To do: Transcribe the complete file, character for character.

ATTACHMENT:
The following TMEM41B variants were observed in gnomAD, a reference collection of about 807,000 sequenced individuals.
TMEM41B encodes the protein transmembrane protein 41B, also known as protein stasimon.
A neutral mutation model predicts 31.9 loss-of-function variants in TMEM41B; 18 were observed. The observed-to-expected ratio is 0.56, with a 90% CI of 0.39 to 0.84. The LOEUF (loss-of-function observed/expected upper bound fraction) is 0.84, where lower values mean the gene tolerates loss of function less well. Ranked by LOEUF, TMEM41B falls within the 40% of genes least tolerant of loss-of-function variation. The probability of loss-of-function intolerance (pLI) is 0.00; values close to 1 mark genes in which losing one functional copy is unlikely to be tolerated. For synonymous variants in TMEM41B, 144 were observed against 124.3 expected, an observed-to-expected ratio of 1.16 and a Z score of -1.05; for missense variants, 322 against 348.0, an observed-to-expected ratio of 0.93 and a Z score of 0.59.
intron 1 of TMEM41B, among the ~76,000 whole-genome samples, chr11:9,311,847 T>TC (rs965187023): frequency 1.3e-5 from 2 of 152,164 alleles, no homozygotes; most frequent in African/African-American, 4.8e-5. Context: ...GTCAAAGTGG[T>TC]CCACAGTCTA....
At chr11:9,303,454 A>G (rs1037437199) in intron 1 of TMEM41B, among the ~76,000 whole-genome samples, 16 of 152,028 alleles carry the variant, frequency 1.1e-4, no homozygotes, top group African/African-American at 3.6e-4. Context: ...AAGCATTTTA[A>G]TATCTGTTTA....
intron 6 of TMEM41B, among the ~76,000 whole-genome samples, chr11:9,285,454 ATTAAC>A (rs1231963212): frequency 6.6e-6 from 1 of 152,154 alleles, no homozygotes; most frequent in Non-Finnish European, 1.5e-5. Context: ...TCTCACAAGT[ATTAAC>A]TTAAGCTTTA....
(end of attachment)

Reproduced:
The following TMEM41B variants were observed in gnomAD, a reference collection of about 807,000 sequenced individuals.
TMEM41B encodes the protein transmembrane protein 41B, also known as protein stasimon.
A neutral mutation model predicts 31.9 loss-of-function variants in TMEM41B; 18 were observed. The observed-to-expected ratio is 0.56, with a 90% CI of 0.39 to 0.84. The LOEUF (loss-of-function observed/expected upper bound fraction) is 0.84, where lower values mean the gene tolerates loss of function less well. Ranked by LOEUF, TMEM41B falls within the 40% of genes least tolerant of loss-of-function variation. The probability of loss-of-function intolerance (pLI) is 0.00; values close to 1 mark genes in which losing one functional copy is unlikely to be tolerated. For synonymous variants in TMEM41B, 144 were observed against 124.3 expected, an observed-to-expected ratio of 1.16 and a Z score of -1.05; for missense variants, 322 against 348.0, an observed-to-expected ratio of 0.93 and a Z score of 0.59.
intron 1 of TMEM41B, among the ~76,000 whole-genome samples, chr11:9,311,847 T>TC (rs965187023): frequency 1.3e-5 from 2 of 152,164 alleles, no homozygotes; most frequent in African/African-American, 4.8e-5. Context: ...GTCAAAGTGG[T>TC]CCACAGTCTA....
At chr11:9,303,454 A>G (rs1037437199) in intron 1 of TMEM41B, among the ~76,000 whole-genome samples, 16 of 152,028 alleles carry the variant, frequency 1.1e-4, no homozygotes, top group African/African-American at 3.6e-4. Context: ...AAGCATTTTA[A>G]TATCTGTTTA....
intron 6 of TMEM41B, among the ~76,000 whole-genome samples, chr11:9,285,454 ATTAAC>A (rs1231963212): frequency 6.6e-6 from 1 of 152,154 alleles, no homozygotes; most frequent in Non-Finnish European, 1.5e-5. Context: ...TCTCACAAGT[ATTAAC>A]TTAAGCTTTA....